By Brian O’Connell
Bank CD rates fell universally downward last week, perhaps due to the recently-completed Federal Reserve Board’s 19-bank "stress test," which appears to have disrupted month-long average yield swings to the upside in most CD categories.
Long-end or short, CD rates fell across the board. Five-year CD’s fell from 2.24% last week to 2.29% this week, while four-year CD’s fell even further, from 2.24% to 2.13%. One-year CDs and six-month CDs also dropped, from 1.49% to 1.40%; and from 1.13% to 1.07%, respectively.
Though, it’s tough to pin the blame for lower rates on the Fed’s stress test, as the U.S. Government remains quiet on the results of the tests. But it’s sufficient to say, if any bad news develops, even moderately bad news in the form of a few banks being undercapitalized, rates should continue their southward slump. After all, weak banks have a hard time competing with healthier ones, so there would be little pressure for stronger banks to hike CD rates in such an environment.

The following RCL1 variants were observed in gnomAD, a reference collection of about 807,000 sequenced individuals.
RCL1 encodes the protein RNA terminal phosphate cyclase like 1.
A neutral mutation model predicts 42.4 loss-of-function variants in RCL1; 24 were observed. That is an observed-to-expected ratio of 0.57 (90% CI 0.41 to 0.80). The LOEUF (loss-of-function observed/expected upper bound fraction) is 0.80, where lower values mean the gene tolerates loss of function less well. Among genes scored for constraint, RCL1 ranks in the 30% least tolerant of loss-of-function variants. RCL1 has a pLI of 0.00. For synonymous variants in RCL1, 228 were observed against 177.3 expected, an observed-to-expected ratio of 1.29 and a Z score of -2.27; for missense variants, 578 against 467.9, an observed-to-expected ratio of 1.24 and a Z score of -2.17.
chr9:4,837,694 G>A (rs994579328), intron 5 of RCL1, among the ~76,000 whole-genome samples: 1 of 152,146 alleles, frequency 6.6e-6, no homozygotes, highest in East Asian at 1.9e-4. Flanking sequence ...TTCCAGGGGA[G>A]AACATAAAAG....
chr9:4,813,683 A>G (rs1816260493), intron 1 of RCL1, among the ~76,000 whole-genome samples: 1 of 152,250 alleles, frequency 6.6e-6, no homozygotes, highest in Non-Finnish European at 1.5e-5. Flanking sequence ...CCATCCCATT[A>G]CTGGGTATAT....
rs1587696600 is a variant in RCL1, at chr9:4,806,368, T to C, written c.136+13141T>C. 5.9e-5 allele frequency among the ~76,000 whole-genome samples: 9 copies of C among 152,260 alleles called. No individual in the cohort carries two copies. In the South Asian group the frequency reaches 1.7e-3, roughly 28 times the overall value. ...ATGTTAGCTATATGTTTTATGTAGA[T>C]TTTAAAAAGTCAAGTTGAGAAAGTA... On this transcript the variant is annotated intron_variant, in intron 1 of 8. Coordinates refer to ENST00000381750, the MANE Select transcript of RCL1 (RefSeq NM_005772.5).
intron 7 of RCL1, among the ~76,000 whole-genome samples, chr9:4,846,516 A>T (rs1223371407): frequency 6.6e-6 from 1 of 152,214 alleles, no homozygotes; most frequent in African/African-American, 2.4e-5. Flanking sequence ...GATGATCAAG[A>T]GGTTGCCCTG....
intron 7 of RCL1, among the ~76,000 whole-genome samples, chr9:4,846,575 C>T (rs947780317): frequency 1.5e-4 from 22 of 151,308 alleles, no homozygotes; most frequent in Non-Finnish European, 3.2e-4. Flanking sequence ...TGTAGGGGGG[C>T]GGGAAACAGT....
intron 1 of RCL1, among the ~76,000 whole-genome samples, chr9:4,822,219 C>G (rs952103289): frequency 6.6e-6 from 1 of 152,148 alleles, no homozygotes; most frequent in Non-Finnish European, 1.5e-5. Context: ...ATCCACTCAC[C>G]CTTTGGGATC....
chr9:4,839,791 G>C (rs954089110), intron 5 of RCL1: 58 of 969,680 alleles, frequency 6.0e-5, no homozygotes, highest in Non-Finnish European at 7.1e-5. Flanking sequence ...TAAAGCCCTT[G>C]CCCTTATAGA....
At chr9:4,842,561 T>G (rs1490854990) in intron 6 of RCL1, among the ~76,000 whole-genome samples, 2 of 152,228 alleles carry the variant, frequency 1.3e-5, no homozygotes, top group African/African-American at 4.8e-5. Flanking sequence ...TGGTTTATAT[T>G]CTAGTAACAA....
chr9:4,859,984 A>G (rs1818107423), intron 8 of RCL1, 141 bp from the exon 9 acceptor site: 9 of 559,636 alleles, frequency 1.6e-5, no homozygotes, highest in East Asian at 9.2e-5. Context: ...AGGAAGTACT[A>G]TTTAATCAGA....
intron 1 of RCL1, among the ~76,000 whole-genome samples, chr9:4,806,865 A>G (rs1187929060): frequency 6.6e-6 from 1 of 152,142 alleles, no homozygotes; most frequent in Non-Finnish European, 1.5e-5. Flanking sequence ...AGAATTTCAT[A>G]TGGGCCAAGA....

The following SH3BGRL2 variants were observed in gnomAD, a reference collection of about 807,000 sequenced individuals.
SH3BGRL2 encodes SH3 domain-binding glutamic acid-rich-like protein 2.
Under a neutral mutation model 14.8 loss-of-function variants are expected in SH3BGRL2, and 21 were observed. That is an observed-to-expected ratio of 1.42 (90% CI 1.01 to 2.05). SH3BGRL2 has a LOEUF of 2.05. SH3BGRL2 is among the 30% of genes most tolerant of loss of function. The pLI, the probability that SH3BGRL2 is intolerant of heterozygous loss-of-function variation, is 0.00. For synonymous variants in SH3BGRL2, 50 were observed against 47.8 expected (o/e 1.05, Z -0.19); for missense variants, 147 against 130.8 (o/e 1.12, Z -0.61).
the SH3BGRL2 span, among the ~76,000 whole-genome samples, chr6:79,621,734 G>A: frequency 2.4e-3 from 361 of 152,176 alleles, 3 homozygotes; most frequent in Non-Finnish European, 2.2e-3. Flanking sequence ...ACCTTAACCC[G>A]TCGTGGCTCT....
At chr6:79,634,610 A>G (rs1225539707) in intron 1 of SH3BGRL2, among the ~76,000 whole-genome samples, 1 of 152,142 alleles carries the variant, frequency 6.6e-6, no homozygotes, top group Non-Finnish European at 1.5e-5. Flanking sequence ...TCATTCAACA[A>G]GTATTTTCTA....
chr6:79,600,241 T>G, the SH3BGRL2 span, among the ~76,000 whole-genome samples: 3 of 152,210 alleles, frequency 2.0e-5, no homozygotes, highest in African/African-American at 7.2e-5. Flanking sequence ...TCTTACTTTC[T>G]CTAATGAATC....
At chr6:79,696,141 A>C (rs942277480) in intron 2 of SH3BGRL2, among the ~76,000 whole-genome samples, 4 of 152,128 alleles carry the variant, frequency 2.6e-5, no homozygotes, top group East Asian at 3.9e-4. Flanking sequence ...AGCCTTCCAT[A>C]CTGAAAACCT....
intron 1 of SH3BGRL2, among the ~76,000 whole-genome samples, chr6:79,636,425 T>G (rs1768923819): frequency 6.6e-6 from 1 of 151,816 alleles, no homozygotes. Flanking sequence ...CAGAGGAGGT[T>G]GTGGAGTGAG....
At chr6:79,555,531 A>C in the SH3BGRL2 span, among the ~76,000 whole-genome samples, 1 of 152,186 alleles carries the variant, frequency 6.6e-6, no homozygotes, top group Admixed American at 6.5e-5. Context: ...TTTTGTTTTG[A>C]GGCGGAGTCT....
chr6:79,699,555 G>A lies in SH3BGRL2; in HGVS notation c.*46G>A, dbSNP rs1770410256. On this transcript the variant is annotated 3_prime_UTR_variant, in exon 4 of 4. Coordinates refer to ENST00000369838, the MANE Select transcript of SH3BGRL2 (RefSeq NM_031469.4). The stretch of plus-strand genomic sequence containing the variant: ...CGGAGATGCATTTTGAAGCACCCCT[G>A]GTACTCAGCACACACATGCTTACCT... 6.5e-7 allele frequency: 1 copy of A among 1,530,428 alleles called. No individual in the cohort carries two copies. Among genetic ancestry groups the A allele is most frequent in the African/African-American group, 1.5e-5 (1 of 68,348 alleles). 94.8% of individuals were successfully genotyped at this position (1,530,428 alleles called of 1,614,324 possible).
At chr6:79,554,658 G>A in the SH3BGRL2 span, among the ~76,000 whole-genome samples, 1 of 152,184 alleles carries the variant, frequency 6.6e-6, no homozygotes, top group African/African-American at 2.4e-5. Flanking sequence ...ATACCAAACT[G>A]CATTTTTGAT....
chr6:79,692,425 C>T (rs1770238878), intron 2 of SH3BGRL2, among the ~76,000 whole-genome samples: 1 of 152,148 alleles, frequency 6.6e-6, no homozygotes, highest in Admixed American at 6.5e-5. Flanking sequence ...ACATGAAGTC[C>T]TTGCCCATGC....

Couple that with the fact that Treasury Bond yields, which typically impact CD rates, remain fairly static, and there seems to be no impetus for CD rates to move significantly, one way or another, unless the stress tests reveal some real surprises.
Other factors that should continue to impact CD rates are bank closures; four banks were by the FDIC last week alone, and one of Florida’s larger credit unions was placed under FDIC control.
For CD investors, the best environment for good rates remains not on the national level, but at the local level, especially at nearby credit unions. Credit unions typically can offer higher CD rates, thanks to their non-profit status. With revenues rolling back into the credit union, and not into the pockets of executives and shareholders, as in the case of many banks, unions can afford to offer investors higher CD rates.
For the best deals on both a national and local level, visit manybanking.com.
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